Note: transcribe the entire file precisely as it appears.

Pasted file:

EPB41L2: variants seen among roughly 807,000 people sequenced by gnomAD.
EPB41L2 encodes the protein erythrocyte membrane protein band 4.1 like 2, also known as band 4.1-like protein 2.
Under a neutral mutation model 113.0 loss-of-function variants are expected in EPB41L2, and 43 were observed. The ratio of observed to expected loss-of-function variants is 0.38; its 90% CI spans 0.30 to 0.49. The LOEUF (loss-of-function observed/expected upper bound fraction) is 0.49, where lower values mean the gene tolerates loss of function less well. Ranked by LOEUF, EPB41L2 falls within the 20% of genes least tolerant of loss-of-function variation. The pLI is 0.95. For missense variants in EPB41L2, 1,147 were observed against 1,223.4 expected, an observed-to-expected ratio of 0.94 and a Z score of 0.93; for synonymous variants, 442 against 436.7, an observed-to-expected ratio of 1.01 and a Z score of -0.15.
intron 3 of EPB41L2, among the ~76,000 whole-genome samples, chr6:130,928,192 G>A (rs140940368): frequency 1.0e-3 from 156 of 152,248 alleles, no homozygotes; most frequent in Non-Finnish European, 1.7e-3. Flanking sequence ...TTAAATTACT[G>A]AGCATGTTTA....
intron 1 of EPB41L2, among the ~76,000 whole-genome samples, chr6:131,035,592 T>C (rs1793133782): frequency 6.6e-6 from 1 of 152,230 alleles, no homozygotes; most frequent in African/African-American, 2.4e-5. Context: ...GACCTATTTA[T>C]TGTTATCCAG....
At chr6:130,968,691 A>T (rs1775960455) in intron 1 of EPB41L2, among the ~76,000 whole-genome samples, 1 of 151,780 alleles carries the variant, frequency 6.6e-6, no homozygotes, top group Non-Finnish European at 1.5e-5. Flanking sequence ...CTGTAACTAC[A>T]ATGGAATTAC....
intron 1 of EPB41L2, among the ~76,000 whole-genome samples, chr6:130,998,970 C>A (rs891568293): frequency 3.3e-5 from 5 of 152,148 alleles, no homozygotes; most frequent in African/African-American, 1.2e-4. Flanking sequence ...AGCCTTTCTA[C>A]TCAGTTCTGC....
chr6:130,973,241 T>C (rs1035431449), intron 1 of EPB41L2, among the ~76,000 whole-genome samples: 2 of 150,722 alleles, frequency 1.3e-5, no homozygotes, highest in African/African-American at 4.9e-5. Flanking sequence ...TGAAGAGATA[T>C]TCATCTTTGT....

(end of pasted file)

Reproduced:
EPB41L2: variants seen among roughly 807,000 people sequenced by gnomAD.
EPB41L2 encodes the protein erythrocyte membrane protein band 4.1 like 2, also known as band 4.1-like protein 2.
Under a neutral mutation model 113.0 loss-of-function variants are expected in EPB41L2, and 43 were observed. The ratio of observed to expected loss-of-function variants is 0.38; its 90% CI spans 0.30 to 0.49. The LOEUF (loss-of-function observed/expected upper bound fraction) is 0.49, where lower values mean the gene tolerates loss of function less well. Ranked by LOEUF, EPB41L2 falls within the 20% of genes least tolerant of loss-of-function variation. The pLI is 0.95. For missense variants in EPB41L2, 1,147 were observed against 1,223.4 expected, an observed-to-expected ratio of 0.94 and a Z score of 0.93; for synonymous variants, 442 against 436.7, an observed-to-expected ratio of 1.01 and a Z score of -0.15.
intron 3 of EPB41L2, among the ~76,000 whole-genome samples, chr6:130,928,192 G>A (rs140940368): frequency 1.0e-3 from 156 of 152,248 alleles, no homozygotes; most frequent in Non-Finnish European, 1.7e-3. Flanking sequence ...TTAAATTACT[G>A]AGCATGTTTA....
intron 1 of EPB41L2, among the ~76,000 whole-genome samples, chr6:131,035,592 T>C (rs1793133782): frequency 6.6e-6 from 1 of 152,230 alleles, no homozygotes; most frequent in African/African-American, 2.4e-5. Context: ...GACCTATTTA[T>C]TGTTATCCAG....
At chr6:130,968,691 A>T (rs1775960455) in intron 1 of EPB41L2, among the ~76,000 whole-genome samples, 1 of 151,780 alleles carries the variant, frequency 6.6e-6, no homozygotes, top group Non-Finnish European at 1.5e-5. Flanking sequence ...CTGTAACTAC[A>T]ATGGAATTAC....
intron 1 of EPB41L2, among the ~76,000 whole-genome samples, chr6:130,998,970 C>A (rs891568293): frequency 3.3e-5 from 5 of 152,148 alleles, no homozygotes; most frequent in African/African-American, 1.2e-4. Flanking sequence ...AGCCTTTCTA[C>A]TCAGTTCTGC....
chr6:130,973,241 T>C (rs1035431449), intron 1 of EPB41L2, among the ~76,000 whole-genome samples: 2 of 150,722 alleles, frequency 1.3e-5, no homozygotes, highest in African/African-American at 4.9e-5. Flanking sequence ...TGAAGAGATA[T>C]TCATCTTTGT....